The History Major
The History Major exposes students to deep connections between the study of past times and places, and the roots of that study in human concerns about values, identities, issues, and policies.
At the upper division level, students are encouraged to sample courses that focus on different periods and places, but are required to take at least three courses from a thematic, temporal, or geographic concentration articulated under the guidance of faculty. While working in the concentrations and the major, students have the opportunity to reflect on what it is historians do, and how and why they do it. They will encounter the peoples and cultures of the past and develop skills in critical thinking, research, and writing essential for understanding the present.
These requirements not only create a more rational matrix for the study of history at USC, but they also offer students the flexibility to explore and shape a major that has personal as well as academic meaning and identity.
HISTORY MAJOR REQUIREMENTS
History majors are required to complete a total of 10 courses (40 units), including
- 3 LOWER-DIVISION SURVEY COURSES (12 units)
- 1 HISTORY 300 SEMINAR (4 units)
- 6 UPPER-DIVISION COURSES (24 units)
History students pursuing HONORS in History are required to complete these 40 units, plus an additional 4 units of History 492, “Honors Thesis Seminar.” For more information on the Honors Program in History, see Section IV below, and the separate section on Honors Program on the department’s website.
I. LOWER-DIVISION SURVEY COURSES
The 3 lower-division survey courses introduce students to a range of thematic, temporal, and geographic possibilities within the major and offer background for subsequent upper-division work.
To satisfy the geographic breadth requirement, all majors must take at least one lower-division course in each of the following three geographic areas: 1) Asia and Eurasia, 2) Europe, 3) North and Latin America. Appendix A (below) lists all courses approved for fulfilling the geographic-breadth requirement.
At least one lower-division survey must be taken at the 100-level. These courses cover a broad time span of one civilization. (Please note: for the purposes of this requirement, History 200g, “The American Experience,” is classified as a 100-level course.)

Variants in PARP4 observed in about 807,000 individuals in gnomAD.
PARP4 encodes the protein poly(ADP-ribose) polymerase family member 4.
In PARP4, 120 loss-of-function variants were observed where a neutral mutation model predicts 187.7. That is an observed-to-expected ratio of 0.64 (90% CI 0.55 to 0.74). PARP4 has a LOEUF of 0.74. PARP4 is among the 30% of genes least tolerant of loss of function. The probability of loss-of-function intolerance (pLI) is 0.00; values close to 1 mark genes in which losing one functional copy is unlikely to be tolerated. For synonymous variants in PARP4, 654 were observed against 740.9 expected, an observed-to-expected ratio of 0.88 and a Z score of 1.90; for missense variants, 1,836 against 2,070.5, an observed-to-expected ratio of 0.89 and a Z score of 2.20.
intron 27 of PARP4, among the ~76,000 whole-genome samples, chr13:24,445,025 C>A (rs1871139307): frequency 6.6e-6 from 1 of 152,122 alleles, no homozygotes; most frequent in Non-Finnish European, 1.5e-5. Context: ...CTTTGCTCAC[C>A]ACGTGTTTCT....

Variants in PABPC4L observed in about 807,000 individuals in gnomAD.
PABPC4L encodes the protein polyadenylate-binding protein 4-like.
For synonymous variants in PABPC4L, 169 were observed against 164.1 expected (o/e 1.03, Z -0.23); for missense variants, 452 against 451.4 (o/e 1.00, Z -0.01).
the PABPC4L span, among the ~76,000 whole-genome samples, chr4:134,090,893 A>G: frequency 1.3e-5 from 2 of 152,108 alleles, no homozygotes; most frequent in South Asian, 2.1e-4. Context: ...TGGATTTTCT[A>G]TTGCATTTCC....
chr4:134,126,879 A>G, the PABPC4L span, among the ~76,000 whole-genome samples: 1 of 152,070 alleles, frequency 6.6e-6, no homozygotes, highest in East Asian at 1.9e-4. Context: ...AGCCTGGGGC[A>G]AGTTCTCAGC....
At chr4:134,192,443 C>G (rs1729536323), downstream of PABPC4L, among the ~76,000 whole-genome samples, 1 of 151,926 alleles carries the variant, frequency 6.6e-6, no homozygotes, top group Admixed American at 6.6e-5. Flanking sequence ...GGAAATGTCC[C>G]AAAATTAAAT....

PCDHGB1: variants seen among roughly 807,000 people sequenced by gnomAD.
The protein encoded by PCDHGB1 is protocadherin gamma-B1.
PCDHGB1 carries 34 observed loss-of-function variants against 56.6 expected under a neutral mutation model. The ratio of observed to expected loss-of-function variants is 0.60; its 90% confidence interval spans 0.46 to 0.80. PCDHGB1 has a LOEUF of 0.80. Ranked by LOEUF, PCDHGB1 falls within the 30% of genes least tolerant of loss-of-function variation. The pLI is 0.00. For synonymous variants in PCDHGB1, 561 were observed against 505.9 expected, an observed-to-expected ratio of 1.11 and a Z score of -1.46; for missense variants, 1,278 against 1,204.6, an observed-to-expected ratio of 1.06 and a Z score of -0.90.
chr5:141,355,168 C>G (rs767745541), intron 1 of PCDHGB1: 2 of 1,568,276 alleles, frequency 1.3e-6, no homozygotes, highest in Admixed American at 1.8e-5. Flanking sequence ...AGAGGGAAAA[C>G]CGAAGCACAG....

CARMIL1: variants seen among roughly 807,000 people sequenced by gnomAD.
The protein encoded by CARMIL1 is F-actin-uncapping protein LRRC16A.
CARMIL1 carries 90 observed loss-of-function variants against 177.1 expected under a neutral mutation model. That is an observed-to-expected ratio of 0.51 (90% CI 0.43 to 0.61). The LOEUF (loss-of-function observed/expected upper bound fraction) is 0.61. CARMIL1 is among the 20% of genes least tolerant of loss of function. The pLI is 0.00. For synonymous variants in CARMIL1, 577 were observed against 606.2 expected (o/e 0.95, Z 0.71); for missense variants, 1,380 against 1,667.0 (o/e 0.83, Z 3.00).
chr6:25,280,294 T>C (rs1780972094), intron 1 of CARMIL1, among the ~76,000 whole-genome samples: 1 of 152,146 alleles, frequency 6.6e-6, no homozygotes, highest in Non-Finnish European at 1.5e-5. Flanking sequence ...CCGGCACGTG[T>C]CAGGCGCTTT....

At least one lower-division survey must be taken at the 200-level. These courses follow a theme across a wide range of time and space. (Please note: for the purposes of this requirement, History 200g, “The American Experience,” is classified as a 100-level course.)
Please note: ARLT and TO courses taught by History Department faculty qualify as lower-division courses towards the History major.
Note for students with Advanced Placement and/or transfer credits:
At the 100-level: You may receive a waiver at the 100-level for a) an appropriate transfer credit, or b) AP scores of 4 or 5 on either the AP European or AP American exam, but not for both.
At the 200-level: you may request a waiver for transfer credit, but your request may be denied, because the courses in this category are unlikely to have equivalents at your previous institution.
II. HISTORY 300, “APPROACHES TO HISTORY"
History 300 is the only required core course for history majors. It is a reading seminar with a maximum enrollment of 15 students, including both History majors and non-majors. Its purpose is to introduce students to the principal philosophical, critical, and theoretical issues that characterize the historian’s craft.
History majors are strongly encouraged to complete History 300 at the BEGINNING of their upper-division work.
III. ADVANCED UPPER-DIVISION COURSES
The 6 upper-division courses permit students to focus their advanced study on thematic, temporal, and geographic areas of particular interest to them, and to deepen their command of historical skills and ideas.